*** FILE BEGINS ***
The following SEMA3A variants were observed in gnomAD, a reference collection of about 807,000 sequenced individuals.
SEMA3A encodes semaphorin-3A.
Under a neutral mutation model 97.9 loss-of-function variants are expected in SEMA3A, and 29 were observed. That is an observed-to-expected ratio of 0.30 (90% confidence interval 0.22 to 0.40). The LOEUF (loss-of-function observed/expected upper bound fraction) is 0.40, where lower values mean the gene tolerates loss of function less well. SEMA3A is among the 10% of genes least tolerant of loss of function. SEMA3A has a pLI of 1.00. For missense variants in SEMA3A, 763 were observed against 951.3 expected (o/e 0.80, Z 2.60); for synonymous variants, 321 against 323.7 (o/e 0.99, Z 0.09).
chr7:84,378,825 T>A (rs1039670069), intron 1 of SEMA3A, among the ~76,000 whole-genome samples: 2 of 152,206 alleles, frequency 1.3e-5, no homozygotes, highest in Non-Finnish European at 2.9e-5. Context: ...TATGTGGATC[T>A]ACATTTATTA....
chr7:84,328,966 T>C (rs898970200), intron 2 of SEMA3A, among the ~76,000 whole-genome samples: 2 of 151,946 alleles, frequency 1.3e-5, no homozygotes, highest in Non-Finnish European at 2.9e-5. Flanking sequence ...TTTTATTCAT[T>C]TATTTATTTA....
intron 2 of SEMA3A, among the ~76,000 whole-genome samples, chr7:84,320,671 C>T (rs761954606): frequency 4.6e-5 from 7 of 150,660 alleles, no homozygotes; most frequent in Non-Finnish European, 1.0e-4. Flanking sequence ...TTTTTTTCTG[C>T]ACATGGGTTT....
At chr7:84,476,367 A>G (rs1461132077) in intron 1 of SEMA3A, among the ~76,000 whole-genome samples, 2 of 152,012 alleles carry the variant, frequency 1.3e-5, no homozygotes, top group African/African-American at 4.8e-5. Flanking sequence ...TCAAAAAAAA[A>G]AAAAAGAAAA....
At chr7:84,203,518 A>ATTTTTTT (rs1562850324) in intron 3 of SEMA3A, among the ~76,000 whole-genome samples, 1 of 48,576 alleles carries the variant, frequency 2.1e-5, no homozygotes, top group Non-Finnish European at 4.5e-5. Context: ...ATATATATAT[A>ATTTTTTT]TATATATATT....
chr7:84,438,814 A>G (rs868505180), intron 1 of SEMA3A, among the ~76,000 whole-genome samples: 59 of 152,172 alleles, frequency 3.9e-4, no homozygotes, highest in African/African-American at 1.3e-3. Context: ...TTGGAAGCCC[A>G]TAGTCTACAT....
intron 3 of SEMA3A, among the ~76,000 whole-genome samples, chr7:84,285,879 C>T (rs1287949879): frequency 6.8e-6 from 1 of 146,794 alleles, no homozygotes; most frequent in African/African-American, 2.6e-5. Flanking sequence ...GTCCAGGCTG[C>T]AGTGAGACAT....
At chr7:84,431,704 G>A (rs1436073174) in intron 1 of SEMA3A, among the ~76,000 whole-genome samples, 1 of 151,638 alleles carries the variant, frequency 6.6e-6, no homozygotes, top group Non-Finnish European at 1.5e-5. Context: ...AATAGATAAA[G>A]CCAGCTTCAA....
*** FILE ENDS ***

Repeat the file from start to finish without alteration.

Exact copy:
The following SEMA3A variants were observed in gnomAD, a reference collection of about 807,000 sequenced individuals.
SEMA3A encodes semaphorin-3A.
Under a neutral mutation model 97.9 loss-of-function variants are expected in SEMA3A, and 29 were observed. That is an observed-to-expected ratio of 0.30 (90% confidence interval 0.22 to 0.40). The LOEUF (loss-of-function observed/expected upper bound fraction) is 0.40, where lower values mean the gene tolerates loss of function less well. SEMA3A is among the 10% of genes least tolerant of loss of function. SEMA3A has a pLI of 1.00. For missense variants in SEMA3A, 763 were observed against 951.3 expected (o/e 0.80, Z 2.60); for synonymous variants, 321 against 323.7 (o/e 0.99, Z 0.09).
chr7:84,378,825 T>A (rs1039670069), intron 1 of SEMA3A, among the ~76,000 whole-genome samples: 2 of 152,206 alleles, frequency 1.3e-5, no homozygotes, highest in Non-Finnish European at 2.9e-5. Context: ...TATGTGGATC[T>A]ACATTTATTA....
chr7:84,328,966 T>C (rs898970200), intron 2 of SEMA3A, among the ~76,000 whole-genome samples: 2 of 151,946 alleles, frequency 1.3e-5, no homozygotes, highest in Non-Finnish European at 2.9e-5. Flanking sequence ...TTTTATTCAT[T>C]TATTTATTTA....
intron 2 of SEMA3A, among the ~76,000 whole-genome samples, chr7:84,320,671 C>T (rs761954606): frequency 4.6e-5 from 7 of 150,660 alleles, no homozygotes; most frequent in Non-Finnish European, 1.0e-4. Flanking sequence ...TTTTTTTCTG[C>T]ACATGGGTTT....
At chr7:84,476,367 A>G (rs1461132077) in intron 1 of SEMA3A, among the ~76,000 whole-genome samples, 2 of 152,012 alleles carry the variant, frequency 1.3e-5, no homozygotes, top group African/African-American at 4.8e-5. Flanking sequence ...TCAAAAAAAA[A>G]AAAAAGAAAA....
At chr7:84,203,518 A>ATTTTTTT (rs1562850324) in intron 3 of SEMA3A, among the ~76,000 whole-genome samples, 1 of 48,576 alleles carries the variant, frequency 2.1e-5, no homozygotes, top group Non-Finnish European at 4.5e-5. Context: ...ATATATATAT[A>ATTTTTTT]TATATATATT....
chr7:84,438,814 A>G (rs868505180), intron 1 of SEMA3A, among the ~76,000 whole-genome samples: 59 of 152,172 alleles, frequency 3.9e-4, no homozygotes, highest in African/African-American at 1.3e-3. Context: ...TTGGAAGCCC[A>G]TAGTCTACAT....
intron 3 of SEMA3A, among the ~76,000 whole-genome samples, chr7:84,285,879 C>T (rs1287949879): frequency 6.8e-6 from 1 of 146,794 alleles, no homozygotes; most frequent in African/African-American, 2.6e-5. Flanking sequence ...GTCCAGGCTG[C>T]AGTGAGACAT....
At chr7:84,431,704 G>A (rs1436073174) in intron 1 of SEMA3A, among the ~76,000 whole-genome samples, 1 of 151,638 alleles carries the variant, frequency 6.6e-6, no homozygotes, top group Non-Finnish European at 1.5e-5. Context: ...AATAGATAAA[G>A]CCAGCTTCAA....